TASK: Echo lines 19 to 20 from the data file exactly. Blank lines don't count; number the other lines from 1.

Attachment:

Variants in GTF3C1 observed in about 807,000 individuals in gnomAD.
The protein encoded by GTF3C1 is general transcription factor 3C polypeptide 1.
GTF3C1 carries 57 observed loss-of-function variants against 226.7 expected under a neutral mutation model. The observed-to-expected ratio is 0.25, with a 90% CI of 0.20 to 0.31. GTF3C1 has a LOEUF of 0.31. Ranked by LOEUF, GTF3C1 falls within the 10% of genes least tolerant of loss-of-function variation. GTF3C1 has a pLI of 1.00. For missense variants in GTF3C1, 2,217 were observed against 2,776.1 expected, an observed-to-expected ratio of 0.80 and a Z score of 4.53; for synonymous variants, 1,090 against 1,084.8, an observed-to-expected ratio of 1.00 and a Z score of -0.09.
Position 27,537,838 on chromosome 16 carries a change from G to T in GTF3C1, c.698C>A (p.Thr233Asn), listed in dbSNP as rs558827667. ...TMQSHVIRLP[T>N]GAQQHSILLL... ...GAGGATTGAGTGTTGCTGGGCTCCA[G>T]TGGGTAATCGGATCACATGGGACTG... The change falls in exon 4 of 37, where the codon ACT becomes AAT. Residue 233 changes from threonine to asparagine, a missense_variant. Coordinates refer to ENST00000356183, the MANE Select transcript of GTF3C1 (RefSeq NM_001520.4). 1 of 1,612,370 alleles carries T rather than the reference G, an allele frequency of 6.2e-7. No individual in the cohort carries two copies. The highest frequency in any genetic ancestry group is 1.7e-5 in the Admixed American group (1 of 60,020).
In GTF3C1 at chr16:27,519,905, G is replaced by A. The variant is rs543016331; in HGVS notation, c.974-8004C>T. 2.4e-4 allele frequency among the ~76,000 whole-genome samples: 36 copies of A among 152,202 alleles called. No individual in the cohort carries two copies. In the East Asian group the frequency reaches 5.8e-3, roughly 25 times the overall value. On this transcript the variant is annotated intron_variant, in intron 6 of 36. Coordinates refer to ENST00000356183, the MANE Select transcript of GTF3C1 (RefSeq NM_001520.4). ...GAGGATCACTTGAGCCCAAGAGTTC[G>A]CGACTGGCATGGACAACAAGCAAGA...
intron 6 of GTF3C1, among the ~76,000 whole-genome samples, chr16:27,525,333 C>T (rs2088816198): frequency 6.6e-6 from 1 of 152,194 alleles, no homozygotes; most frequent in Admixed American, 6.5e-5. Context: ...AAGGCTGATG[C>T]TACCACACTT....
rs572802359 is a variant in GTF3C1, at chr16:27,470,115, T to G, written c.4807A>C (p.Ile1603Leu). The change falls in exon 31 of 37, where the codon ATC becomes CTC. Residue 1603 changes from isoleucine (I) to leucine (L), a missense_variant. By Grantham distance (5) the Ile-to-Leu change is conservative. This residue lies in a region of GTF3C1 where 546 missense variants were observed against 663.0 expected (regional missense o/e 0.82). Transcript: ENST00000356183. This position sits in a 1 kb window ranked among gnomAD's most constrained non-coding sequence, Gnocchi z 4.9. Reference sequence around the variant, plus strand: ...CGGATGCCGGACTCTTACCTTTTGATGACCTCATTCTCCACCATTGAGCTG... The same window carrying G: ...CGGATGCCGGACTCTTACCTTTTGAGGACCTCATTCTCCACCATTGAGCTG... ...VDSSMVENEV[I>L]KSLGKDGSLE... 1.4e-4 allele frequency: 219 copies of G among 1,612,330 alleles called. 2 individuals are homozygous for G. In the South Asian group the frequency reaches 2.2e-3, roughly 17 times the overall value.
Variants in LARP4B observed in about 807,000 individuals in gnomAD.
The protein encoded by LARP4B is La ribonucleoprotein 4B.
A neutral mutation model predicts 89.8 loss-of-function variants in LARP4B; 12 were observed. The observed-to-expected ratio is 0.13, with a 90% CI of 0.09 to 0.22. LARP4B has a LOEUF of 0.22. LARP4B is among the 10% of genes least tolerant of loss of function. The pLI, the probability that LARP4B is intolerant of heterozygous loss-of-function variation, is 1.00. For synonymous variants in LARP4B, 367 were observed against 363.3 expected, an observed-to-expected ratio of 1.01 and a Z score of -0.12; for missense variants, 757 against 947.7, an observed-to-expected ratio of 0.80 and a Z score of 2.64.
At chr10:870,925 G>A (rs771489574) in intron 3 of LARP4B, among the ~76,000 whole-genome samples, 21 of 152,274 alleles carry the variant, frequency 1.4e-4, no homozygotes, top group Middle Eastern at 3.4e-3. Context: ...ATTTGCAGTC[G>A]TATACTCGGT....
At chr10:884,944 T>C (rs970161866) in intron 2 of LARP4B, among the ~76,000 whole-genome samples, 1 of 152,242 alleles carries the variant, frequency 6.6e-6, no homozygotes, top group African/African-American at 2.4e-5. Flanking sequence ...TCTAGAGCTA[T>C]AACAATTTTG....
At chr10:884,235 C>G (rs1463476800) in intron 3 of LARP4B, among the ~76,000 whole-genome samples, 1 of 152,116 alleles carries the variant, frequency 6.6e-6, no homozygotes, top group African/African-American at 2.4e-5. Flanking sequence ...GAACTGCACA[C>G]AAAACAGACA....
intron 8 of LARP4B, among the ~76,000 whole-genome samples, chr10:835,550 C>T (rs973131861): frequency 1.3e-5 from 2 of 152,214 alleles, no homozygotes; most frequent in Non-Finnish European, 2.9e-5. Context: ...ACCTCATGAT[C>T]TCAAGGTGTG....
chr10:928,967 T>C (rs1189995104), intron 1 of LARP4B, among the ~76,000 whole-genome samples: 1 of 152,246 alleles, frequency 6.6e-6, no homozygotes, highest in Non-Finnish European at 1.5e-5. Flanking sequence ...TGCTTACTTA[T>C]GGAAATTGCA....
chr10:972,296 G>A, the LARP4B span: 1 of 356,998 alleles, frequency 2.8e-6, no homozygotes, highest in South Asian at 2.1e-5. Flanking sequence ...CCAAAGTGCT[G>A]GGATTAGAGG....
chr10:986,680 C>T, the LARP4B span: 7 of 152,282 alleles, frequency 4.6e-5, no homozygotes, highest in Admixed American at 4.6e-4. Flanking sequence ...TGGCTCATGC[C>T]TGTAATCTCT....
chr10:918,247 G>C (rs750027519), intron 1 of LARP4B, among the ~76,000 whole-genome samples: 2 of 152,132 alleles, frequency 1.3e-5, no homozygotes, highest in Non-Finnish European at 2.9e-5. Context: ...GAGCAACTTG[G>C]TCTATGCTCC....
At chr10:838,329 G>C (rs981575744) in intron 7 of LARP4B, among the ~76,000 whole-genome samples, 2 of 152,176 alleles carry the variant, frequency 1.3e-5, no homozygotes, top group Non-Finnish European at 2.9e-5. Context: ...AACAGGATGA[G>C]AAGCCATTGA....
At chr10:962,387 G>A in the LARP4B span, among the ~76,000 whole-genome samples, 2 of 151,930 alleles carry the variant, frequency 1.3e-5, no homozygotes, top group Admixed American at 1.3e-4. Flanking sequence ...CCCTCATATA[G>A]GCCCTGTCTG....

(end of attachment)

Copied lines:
At chr10:838,329 G>C (rs981575744) in intron 7 of LARP4B, among the ~76,000 whole-genome samples, 2 of 152,176 alleles carry the variant, frequency 1.3e-5, no homozygotes, top group Non-Finnish European at 2.9e-5. Context: ...AACAGGATGA[G>C]AAGCCATTGA....
At chr10:962,387 G>A in the LARP4B span, among the ~76,000 whole-genome samples, 2 of 151,930 alleles carry the variant, frequency 1.3e-5, no homozygotes, top group Admixed American at 1.3e-4. Flanking sequence ...CCCTCATATA[G>A]GCCCTGTCTG....